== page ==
''Boiler Room,'' written and directed by the 29-year-old Ben Younger, is both an homage to Oliver Stone's 1987 fable of innocence corrupted by avarice and a critique of it. The baby sharks of J. T. Marlin like to play Gordon Gekko karaoke, bloviating along with Michael Douglas's mephistophelean arbitrageur and mocking his windy grandiosity. Compared to them, though, the reptilian Gekko is a great intellectual and a devoted humanitarian. His mantra, ''greed is good,'' strikes a sententious, faintly absurd note in the amoral world of ''Boiler Room,'' in which greed is simply axiomatic. When Gekko thundered ''I own!'' he meant he controlled large and consequential pieces of the world: companies, factories, the lives of thousands of workers. But Jim Young (Ben Affleck) -- Marlin's designated drill sergeant and, at 27, one of its wise old heads -- prefers to boast about his Ferrari, his mansion and his toys.

Excerpt from the New York Times located HERE

Image :    NOTE: The below Blu-ray captures were taken directly from the Blu-ray disc.

Boiler Room arrives on Blu-ray from New Line. The 1.78:1 image quality shows some improved detail over the past SD version. My only complaint would be that it has a minor blue-leaning - more noticeable in the mid-portion of the film. This is only single-layered with a low bitrate. Could it look more dynamic? probably but accepting the less robust transfer - I don't have too many complaints. It can tend to look a bit glossy/waxy but not enough to whine.  Skin tones seem realistic - contrast exhibits decent black levels. This Blu-ray has a consistency in terms of exporting the visuals.  The transfer won't win any awards but it made for a solid presentation on my system with hints at compression artifacts - projected this will, obviously, be more noticeable.

 

CLICK EACH BLU-RAY CAPTURE TO SEE ALL IMAGES IN FULL 1920X1080 RESOLUTION

 

 

 

 

 

 

 

 

 

 

 

 

 

 

Audio :

Gangbusters audio with a DTS-HD Master 7.1 at a whopping 5295 kbps. This comes alive almost solely for the music as the film is fairly dialogue-driven without abundant aggressive effects. The Angel's score sounds wonderfully rich and deep and we get riffs from the film Wall Street and 50 Cent's That Ain't Gangsta as well as other modern music suitable to the activity of the aggressive young men onscreen. There are optional DUBs and subtitles ad my Oppo has identified it as being a region 'A'-locked.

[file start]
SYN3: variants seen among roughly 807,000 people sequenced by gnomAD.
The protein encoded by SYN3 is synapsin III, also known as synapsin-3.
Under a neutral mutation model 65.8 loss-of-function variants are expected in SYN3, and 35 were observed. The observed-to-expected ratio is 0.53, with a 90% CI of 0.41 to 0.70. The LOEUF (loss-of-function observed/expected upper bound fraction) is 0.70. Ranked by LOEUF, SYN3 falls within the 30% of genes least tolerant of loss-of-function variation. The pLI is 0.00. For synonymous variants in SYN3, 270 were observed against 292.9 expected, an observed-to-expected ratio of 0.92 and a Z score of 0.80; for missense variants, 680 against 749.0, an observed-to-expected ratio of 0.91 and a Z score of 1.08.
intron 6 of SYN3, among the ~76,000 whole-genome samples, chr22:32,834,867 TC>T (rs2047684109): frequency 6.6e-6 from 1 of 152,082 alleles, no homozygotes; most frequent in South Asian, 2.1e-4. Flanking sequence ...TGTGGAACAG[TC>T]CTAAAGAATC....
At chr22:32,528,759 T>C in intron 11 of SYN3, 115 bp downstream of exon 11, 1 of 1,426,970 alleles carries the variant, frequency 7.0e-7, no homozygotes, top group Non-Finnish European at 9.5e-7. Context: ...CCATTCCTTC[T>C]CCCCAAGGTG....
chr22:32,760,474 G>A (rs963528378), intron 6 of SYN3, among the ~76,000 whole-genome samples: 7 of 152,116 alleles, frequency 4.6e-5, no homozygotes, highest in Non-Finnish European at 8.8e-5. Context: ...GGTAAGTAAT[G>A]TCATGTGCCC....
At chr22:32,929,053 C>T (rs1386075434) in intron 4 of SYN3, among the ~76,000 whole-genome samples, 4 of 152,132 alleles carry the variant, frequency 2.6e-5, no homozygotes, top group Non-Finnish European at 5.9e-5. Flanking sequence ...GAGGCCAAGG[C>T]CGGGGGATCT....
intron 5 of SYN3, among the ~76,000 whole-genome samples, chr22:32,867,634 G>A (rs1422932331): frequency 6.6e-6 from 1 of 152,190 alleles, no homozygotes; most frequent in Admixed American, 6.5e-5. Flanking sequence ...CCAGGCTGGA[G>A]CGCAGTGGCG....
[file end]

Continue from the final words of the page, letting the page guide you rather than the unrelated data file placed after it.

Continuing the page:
Extras :

Supplements are duplicated from the past SD release with a full commentary by director Ben Younger, producer Jennifer Todd, Giovanni Ribisi and composer 'The Angel'. I believe that Younger and Todd were recorded together with the other two recorded separately and edited in. I thought it was revealing - especially both Younger and 'The Angel's' comments. There are also 5 Deleted Scenes including 'Original Ending' running 8.5 minutes (one sexually graphic - most aptly removed) and a theatrical trailer.

 

 

BOTTOM LINE:
I thoroughly enjoyed revisiting this film in 1080P. I've always liked Boiler Room - and I continue to appreciate Ribisi as the lead. This seems to be a very realistic representation of another of the many forms of corruption in the financial sector. Despite the technical weakness the Blu-ray has replay value in my house. I think this film may have been unjustly neglected - it is quite a keen study - a well told story. For under $15 this is certainly recommended! 

Gary Tooze

February 24th, 2013

 

About the Reviewer: Hello, fellow Beavers! I have been interested in film since I viewed a Chaplin festival on PBS when I was around 9 years old. I credit DVD with expanding my horizons to fill an almost ravenous desire to seek out new film experiences. I currently own approximately 9500 DVDs and have reviewed over 5000 myself. I appreciate my discussion Listserv for furthering my film education and inspiring me to continue running DVDBeaver. Plus a healthy thanks to those who donate and use our Amazon links.

Although I never wanted to become one of those guys who focused 'too much' on image and sound quality - I find HD is swiftly pushing me in that direction.

Gary's Home Theatre:

60-Inch Class (59.58” Diagonal) 1080p Pioneer KURO Plasma Flat Panel HDTV PDP6020-FD

Oppo Digital BDP-83 Universal Region FREE Blu-ray/SACD Player
Momitsu - BDP-899 Region FREE Blu-ray player
Marantz SA8001 Super Audio CD Player
Marantz SR7002 THX Select2 Surround Receiver
Tannoy DC6-T (fronts) + Energy (centre, rear, subwoofer) speakers (5.1)

APC AV 1.5 kVA H Type Power Conditioner 120V

Gary W. Tooze